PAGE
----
In the wake of the Watts riots, Budd Schulberg helped to found the Watts Writers Workshop, mentoring African American writers such as Coleman, Quincy Troupe, Eric Priestley and the performance poetry group the Watts Prophets. In the wake of Watts, the city catalyzed around a variety of elements, not least the iconography of the fires, of L.A. turning inward to devour itself. "The city burning," Joan Didion wrote in her 1967 essay "Los Angeles Notebook," tracing the line of a more extensive history, "is Los Angeles's deepest image of itself: Nathanael West perceived that, in 'The Day of the Locust'; and at the time of the 1965 Watts riots what struck the imagination most indelibly were the fires. For days one could drive the Harbor Freeway and see the city on fire, just as we had always known it would be in the end."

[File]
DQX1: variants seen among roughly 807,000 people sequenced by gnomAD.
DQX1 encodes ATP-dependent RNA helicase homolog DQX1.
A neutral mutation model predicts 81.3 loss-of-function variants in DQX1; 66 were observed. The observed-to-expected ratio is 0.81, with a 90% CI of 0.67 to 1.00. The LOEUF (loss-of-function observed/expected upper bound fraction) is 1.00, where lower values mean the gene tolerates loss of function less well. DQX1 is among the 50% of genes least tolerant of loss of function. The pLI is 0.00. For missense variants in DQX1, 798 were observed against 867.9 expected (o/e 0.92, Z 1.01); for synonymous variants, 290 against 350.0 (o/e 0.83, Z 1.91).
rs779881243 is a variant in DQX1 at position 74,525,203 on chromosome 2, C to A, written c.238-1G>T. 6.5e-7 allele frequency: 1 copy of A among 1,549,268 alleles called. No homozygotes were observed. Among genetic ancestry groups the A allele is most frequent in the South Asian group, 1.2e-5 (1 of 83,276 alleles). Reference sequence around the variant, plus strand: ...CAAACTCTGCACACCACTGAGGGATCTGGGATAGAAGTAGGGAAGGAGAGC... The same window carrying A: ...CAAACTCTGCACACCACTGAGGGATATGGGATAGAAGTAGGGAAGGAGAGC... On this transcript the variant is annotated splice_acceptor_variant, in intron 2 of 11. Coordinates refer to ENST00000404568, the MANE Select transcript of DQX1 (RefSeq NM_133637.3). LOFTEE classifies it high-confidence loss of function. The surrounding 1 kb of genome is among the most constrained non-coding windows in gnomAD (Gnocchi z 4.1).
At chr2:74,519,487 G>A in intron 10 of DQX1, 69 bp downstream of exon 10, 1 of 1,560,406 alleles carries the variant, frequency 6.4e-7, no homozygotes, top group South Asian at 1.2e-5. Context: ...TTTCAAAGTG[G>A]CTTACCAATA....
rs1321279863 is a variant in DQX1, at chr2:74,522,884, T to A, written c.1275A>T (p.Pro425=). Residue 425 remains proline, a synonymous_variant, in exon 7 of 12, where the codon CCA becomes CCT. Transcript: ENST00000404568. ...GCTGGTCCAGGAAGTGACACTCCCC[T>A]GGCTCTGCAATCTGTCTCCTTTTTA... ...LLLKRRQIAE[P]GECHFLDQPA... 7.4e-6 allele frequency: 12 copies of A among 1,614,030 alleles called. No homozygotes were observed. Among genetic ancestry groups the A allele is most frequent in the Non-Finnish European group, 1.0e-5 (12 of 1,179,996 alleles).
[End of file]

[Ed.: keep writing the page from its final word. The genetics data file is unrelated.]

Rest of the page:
No equivalent sense of history emerges when we think about 1992. Instead, we are left with fragments, snapshots, the loose tiles of what former Mayor Tom Bradley liked to call "the glorious mosaic," which the riots revealed to be a lie. That's true even of King's memoir "The Riot Within: My Journey From Rebellion to Redemption" (HarperOne: 245 pp., $25.99), which seeks to capitalize on the 20th anniversary of the riots but never offers a coherent point of view. It's unfair, perhaps, to expect this of King, who was thrust, or thrust himself, into a situation beyond his control. Nonetheless, it's also emblematic of the vagaries, the displacement, the lack of a collective vision, our inability even now to take a broad, inclusive perspective on the riots and what they mean.